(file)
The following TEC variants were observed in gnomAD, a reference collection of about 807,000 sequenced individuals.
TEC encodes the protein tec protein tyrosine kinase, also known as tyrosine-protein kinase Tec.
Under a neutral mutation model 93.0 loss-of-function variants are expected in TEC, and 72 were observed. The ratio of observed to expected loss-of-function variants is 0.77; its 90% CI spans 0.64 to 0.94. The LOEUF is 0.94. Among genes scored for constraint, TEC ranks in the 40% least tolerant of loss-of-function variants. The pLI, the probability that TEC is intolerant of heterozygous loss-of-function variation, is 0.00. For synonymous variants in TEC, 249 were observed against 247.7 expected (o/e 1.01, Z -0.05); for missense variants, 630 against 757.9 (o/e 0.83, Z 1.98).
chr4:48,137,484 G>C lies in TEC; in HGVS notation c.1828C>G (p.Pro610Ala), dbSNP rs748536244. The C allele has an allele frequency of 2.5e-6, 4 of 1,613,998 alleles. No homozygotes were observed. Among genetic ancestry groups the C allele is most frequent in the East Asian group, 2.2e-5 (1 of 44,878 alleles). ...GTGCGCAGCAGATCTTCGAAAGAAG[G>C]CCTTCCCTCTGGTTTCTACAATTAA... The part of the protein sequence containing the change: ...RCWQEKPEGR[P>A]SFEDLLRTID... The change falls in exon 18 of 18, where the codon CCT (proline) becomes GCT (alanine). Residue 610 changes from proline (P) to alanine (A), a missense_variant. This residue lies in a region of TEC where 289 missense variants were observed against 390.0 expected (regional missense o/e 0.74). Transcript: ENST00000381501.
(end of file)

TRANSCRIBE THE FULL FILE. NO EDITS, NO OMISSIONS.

The following TEC variants were observed in gnomAD, a reference collection of about 807,000 sequenced individuals.
TEC encodes the protein tec protein tyrosine kinase, also known as tyrosine-protein kinase Tec.
Under a neutral mutation model 93.0 loss-of-function variants are expected in TEC, and 72 were observed. The ratio of observed to expected loss-of-function variants is 0.77; its 90% CI spans 0.64 to 0.94. The LOEUF is 0.94. Among genes scored for constraint, TEC ranks in the 40% least tolerant of loss-of-function variants. The pLI, the probability that TEC is intolerant of heterozygous loss-of-function variation, is 0.00. For synonymous variants in TEC, 249 were observed against 247.7 expected (o/e 1.01, Z -0.05); for missense variants, 630 against 757.9 (o/e 0.83, Z 1.98).
chr4:48,137,484 G>C lies in TEC; in HGVS notation c.1828C>G (p.Pro610Ala), dbSNP rs748536244. The C allele has an allele frequency of 2.5e-6, 4 of 1,613,998 alleles. No homozygotes were observed. Among genetic ancestry groups the C allele is most frequent in the East Asian group, 2.2e-5 (1 of 44,878 alleles). ...GTGCGCAGCAGATCTTCGAAAGAAG[G>C]CCTTCCCTCTGGTTTCTACAATTAA... The part of the protein sequence containing the change: ...RCWQEKPEGR[P>A]SFEDLLRTID... The change falls in exon 18 of 18, where the codon CCT (proline) becomes GCT (alanine). Residue 610 changes from proline (P) to alanine (A), a missense_variant. This residue lies in a region of TEC where 289 missense variants were observed against 390.0 expected (regional missense o/e 0.74). Transcript: ENST00000381501.